Why not try: complementary therapies

Alternative, holistic, traditional – whatever you call it, complementary therapies are having a moment.

Based on the belief that illness occurs when the body is out of balance, with ever-busier lives, it’s no wonder 65 per cent of Australians have leant on complementary therapies to feel better in the last 12 months. But with so many available, it can be hard to know which one is right for you. Here are a few you might like to try:


If you’re afraid of needles, don’t worry, these ones are tiny. They’re inserted into targeted areas on the skin and while you could feel nothing, you might feel some mild tingling, warmth or heaviness. It can also involve cupping, remedial massage or using a laser instead of needles. After a session you should feel relaxed and refreshed, and some people feel sleepy.

You could also try dry needling, which too involves using thin needles on the skin. Crown Spa ambassador Sigourney Cantello road-tested the treatment, you can read about her experience here.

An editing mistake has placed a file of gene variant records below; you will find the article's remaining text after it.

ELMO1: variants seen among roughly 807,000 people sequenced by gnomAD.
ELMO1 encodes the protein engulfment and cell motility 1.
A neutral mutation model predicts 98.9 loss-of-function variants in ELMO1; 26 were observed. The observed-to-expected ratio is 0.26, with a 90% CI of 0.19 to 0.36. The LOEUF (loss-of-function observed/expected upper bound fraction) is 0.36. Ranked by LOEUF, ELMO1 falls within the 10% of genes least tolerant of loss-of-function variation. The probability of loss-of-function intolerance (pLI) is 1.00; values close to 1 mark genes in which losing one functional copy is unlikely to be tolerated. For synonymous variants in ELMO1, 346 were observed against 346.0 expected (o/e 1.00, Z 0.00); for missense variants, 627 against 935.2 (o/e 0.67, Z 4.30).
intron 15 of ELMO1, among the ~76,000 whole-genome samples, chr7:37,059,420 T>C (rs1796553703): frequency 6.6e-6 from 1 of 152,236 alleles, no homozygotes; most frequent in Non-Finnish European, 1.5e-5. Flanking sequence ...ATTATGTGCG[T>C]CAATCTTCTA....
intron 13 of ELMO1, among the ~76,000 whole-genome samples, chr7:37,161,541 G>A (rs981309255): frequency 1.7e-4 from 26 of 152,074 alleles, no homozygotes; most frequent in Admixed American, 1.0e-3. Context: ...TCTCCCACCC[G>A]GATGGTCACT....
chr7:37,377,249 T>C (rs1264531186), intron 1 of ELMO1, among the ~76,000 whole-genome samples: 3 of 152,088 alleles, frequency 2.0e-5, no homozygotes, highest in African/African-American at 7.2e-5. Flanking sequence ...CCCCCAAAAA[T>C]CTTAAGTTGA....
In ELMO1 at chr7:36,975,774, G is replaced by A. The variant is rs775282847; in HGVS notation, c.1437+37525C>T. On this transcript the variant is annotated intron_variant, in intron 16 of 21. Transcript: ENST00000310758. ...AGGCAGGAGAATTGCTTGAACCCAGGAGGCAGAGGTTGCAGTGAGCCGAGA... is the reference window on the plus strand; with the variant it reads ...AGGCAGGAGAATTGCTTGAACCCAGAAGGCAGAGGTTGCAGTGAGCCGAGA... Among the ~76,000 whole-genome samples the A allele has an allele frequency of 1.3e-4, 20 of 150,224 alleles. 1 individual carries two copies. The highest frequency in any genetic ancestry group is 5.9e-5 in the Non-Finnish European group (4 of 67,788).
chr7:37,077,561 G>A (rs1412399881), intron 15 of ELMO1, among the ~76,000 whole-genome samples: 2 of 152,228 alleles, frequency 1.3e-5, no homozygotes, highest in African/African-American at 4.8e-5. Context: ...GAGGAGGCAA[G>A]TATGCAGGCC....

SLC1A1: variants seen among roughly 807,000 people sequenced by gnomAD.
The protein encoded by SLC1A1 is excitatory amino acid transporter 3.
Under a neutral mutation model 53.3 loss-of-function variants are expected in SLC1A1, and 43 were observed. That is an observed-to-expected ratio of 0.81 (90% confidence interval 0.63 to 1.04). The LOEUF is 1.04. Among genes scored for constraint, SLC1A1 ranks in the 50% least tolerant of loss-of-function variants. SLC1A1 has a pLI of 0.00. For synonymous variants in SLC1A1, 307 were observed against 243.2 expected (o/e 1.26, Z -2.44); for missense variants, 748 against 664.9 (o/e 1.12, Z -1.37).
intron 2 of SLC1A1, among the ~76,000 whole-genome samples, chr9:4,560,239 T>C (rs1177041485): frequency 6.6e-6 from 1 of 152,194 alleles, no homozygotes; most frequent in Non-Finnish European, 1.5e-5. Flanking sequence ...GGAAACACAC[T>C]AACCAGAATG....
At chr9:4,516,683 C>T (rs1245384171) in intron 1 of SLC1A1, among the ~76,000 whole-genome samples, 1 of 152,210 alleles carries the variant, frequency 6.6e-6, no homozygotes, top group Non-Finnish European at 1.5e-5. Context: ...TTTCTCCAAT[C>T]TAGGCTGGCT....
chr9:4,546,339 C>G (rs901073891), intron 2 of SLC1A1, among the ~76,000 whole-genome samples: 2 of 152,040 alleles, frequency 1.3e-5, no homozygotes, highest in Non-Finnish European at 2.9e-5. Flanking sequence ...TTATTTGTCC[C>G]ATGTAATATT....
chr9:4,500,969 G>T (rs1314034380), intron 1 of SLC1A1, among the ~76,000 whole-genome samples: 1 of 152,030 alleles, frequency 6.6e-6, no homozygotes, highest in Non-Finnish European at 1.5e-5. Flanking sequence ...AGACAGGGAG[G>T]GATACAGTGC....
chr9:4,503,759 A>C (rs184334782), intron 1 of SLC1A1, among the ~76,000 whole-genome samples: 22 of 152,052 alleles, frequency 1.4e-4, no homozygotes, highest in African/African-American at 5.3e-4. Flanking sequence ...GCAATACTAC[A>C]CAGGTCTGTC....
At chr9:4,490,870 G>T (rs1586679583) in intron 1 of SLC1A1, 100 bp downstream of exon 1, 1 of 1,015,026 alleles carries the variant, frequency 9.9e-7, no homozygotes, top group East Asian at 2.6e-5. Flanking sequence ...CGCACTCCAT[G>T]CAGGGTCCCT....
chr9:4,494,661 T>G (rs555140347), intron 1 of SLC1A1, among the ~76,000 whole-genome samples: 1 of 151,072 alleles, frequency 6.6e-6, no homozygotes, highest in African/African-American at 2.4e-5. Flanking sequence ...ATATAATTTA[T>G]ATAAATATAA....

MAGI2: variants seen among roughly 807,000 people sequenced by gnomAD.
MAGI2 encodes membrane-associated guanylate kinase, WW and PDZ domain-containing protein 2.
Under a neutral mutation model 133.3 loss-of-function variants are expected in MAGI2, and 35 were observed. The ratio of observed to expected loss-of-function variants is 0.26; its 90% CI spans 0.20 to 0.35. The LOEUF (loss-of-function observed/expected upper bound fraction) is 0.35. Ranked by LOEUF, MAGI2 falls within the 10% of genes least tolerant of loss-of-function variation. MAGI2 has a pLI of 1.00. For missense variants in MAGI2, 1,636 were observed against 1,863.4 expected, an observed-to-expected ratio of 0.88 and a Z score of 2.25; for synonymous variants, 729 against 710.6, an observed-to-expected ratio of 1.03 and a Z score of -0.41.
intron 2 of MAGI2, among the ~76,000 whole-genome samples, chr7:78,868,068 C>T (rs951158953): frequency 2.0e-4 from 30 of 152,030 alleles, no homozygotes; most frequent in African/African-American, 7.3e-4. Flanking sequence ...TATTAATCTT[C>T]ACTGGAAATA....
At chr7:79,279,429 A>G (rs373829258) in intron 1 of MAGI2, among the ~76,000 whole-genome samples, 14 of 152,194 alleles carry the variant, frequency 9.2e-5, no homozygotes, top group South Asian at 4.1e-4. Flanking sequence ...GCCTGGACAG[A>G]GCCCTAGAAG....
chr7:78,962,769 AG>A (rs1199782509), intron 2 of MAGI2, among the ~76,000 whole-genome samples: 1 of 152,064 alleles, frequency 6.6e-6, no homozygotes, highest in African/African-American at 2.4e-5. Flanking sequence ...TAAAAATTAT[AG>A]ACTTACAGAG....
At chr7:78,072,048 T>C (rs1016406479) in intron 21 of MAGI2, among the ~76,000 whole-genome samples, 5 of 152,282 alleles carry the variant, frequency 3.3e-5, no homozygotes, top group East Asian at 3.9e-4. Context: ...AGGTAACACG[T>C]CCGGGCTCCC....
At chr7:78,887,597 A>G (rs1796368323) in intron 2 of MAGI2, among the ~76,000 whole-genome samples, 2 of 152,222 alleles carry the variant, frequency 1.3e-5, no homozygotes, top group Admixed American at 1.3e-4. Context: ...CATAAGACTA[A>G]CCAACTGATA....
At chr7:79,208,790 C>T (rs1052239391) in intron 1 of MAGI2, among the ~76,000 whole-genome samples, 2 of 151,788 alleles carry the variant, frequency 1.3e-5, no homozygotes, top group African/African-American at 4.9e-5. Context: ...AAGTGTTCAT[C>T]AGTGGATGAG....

Pronounced ‘ray-key’, this Japanese therapy aims to increase energy levels and promote relaxation and wellbeing through non-invasive, non-manipulative touch.

The philosophy is that low energy makes people stressed and unwell, but ‘high’ energy makes people well (and happy!). It won’t cure illness or disease, but the aim is to feel more relaxed and peaceful, and we could all use a bit more of that.


Ever walked into a massage clinic and been greeted by lush smells that instantly make you feel calm? That’s likely aromatherapy, where essential oils are the star of the show. Different aromas and oils can produce different reactions and can either be massaged into the skin as part of a blend, added to a bath or vaporised in an oil burner. It should never be swallowed or applied undiluted to the skin. Scent-sational!


Naturopathy is about supporting the body’s own capacity to heal. This holistic approach to wellbeing focuses on the importance of things like a healthy diet, water intake, sunlight, exercise and managing stress. A naturopath might advise you on things like diet, lifestyle advice and use therapies like massage and acupressure.


We’ve got you covered

Visiting practitioner Sohal Shah is practising at Crown Spa Melbourne, specialising in a unique blend of naturopathy, dry needling and yoga therapy designed to help you rest, restore and indulge in the ultimate self-care.

Shah focuses on a multidimensional approach to treating ailments from aches, pains and migraine to insomnia and other lifestyle disorders.

This month, we’re offering a special on his services, so give the Melbourne team a call on (03) 9292 6182 to book.

Why not try: complementary therapies